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Clinicopathological and Molecular Correlation of Acrochordon in Relation to Human Papillomavirus Infection

The recruitment status of this study is unknown because the information has not been verified recently.
Verified February 2007 by National Taiwan University Hospital.
Recruitment status was  Recruiting
Sponsor:
Collaborators:
National Science Council, Taiwan
National Health Research Institutes, Taiwan
Information provided by:
National Taiwan University Hospital
ClinicalTrials.gov Identifier:
NCT00520078
First received: August 21, 2007
Last updated: NA
Last verified: February 2007
History: No changes posted

August 21, 2007
August 21, 2007
August 2007
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No Changes Posted
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Clinicopathological and Molecular Correlation of Acrochordon in Relation to Human Papillomavirus Infection
Clinicopathological and Molecular Correlation of Acrochordon in Relation to Human Papillomavirus Infection

Acrochordon, or soft fibroma, is a common benign skin tumor which is generally regarded as a sign of cutaneous aging or as a reaction to friction since it occurs in the intertriginous areas. Recent studies have shown the presence of human papillomaviruses, especially the mucosal types, on some of the intertriginous lesions. This study is to analyze the different clinical presentations of acrochordon and correlate them with pathologic and molecular human papillomavirus findings. Further goal is to improve the ability to differentiate acrochordon and its possible prevention and treatment. Also, it may have an implication on the transmission and prevention of cervical carcinoma.

Acrochordon, also called soft fibroma, skin tag or fibroepithelial polyp, is a common cutaneous disorder characterized by a polypoid growth composed of fibroblasts in a loose collagenous stroma, sometimes with proliferation of blood vessels. They appear as soft, skin-colored or light brownish skin tumors. Three types of lesions may occur, (1) multiple small, furrowed papules, especially on the neck and in the axillae, (2) single or multiple filiform smooth growths in various locations, and (3) solitary bag-like pedunculated growth, seen most commonly on the lower trunk. Most regard them as a sign of cutaneous aging.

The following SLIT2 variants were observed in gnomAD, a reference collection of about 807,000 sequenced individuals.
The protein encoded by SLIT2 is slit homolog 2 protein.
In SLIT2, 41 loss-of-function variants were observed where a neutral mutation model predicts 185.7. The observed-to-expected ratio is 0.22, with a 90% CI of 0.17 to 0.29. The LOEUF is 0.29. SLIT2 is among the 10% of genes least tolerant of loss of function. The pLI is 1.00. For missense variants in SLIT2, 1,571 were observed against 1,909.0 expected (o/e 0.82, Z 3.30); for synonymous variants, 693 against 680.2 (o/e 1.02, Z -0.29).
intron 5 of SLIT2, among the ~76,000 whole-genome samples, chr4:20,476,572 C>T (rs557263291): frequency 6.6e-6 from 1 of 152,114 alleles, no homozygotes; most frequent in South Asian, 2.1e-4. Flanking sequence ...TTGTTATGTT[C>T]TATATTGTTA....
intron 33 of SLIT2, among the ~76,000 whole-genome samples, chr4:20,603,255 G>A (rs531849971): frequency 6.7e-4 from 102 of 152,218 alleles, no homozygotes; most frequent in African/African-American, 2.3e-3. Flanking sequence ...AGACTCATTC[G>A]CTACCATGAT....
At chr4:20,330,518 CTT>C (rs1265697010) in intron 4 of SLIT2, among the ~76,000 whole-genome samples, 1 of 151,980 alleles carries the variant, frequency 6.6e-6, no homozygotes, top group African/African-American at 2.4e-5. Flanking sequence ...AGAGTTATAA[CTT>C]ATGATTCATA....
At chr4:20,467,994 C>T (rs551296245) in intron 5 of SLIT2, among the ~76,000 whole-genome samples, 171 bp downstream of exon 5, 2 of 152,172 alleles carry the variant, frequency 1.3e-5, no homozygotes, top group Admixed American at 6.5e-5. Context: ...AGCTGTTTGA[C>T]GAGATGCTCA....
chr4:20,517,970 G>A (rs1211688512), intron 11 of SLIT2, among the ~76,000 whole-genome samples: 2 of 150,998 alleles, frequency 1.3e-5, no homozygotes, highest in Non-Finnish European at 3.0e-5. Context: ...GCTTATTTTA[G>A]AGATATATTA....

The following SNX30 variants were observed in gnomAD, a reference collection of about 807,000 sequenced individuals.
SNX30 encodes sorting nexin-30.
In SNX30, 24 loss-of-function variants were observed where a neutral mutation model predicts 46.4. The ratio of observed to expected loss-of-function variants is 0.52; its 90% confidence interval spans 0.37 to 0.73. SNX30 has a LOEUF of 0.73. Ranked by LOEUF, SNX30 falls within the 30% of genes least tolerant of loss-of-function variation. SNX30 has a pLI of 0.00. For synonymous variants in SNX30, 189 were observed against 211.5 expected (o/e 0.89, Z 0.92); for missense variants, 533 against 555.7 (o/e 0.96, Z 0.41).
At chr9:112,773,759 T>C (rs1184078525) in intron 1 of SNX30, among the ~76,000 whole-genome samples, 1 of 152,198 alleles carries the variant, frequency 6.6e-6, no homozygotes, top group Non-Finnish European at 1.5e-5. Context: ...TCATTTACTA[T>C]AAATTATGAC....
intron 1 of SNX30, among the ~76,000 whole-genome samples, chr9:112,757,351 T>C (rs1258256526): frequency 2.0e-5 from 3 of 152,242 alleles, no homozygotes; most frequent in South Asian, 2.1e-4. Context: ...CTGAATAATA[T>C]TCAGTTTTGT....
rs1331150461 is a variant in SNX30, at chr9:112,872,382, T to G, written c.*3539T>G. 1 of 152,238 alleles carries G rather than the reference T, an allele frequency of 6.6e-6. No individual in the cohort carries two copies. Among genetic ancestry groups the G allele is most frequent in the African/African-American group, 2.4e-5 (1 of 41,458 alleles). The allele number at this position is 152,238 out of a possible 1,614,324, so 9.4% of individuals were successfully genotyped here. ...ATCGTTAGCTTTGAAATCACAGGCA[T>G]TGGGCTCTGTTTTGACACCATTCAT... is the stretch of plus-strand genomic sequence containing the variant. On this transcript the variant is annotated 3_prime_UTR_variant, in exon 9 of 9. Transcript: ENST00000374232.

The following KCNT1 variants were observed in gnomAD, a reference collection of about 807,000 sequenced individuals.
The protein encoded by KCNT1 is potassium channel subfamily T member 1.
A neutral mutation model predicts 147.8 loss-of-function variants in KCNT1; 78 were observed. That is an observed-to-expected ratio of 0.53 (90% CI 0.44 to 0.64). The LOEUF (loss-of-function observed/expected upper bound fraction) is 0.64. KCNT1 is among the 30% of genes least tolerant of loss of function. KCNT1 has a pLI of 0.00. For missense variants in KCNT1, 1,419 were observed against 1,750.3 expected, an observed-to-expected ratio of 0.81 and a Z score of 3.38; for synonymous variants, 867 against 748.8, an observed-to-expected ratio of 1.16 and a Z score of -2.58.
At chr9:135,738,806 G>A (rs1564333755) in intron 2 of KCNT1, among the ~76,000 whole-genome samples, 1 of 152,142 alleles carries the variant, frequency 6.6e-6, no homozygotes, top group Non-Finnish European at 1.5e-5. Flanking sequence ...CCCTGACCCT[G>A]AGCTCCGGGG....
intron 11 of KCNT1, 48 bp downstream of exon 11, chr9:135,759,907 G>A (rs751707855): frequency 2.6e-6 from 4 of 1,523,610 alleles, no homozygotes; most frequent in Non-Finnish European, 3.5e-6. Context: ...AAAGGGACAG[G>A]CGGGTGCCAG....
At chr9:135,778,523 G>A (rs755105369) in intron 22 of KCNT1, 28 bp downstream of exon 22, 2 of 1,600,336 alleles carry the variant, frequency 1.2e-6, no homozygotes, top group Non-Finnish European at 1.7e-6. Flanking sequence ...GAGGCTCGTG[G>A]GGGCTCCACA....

The presence of human papillomaviruses (HPVs), especially the mucosal types, has been demonstrated in acrochordon. Our previous experience on HPV typing of skin tags also confirms this finding. Though HPV is a ubiquitous virus, the presence of mucosal type HPV in non-mucosal sites is exceptional. This investigation is trying to correlate the clinicopathological and HPV molecular typing of acrochordons. A better understanding of acrochordon and its relation to HPV infection may improve the ability to prevent and treat.

Observational
Primary Purpose: Screening
Time Perspective: Cross-Sectional
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  • Acrochordon
  • Skin Tag
  • Soft Fibroma
  • Human Papillomavirus
  • HPV
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*   Includes publications given by the data provider as well as publications identified by ClinicalTrials.gov Identifier (NCT Number) in Medline.
 
Recruiting
100
August 2008
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Inclusion Criteria:

  • Adult patients with multiple acrochordon on non-anogenital sites who ask to remove the lesions and have signed consent to surgery will be asked to participate in the study

Exclusion Criteria:

  • No special exclusion criteria
Both
20 Years and older
No
Contact: Tsen-Fang Tsai, MD +886-2-23123456 ext 5734 tftsai@yahoo.com
Taiwan
 
NCT00520078
200701034R
Yes
Not Provided
National Taiwan University Hospital
  • National Science Council, Taiwan
  • National Health Research Institutes, Taiwan
Principal Investigator: Tsen-Fang Tsai, MD National Taiwan University Hospital
National Taiwan University Hospital
February 2007

ICMJE     Data element required by the International Committee of Medical Journal Editors and the World Health Organization ICTRP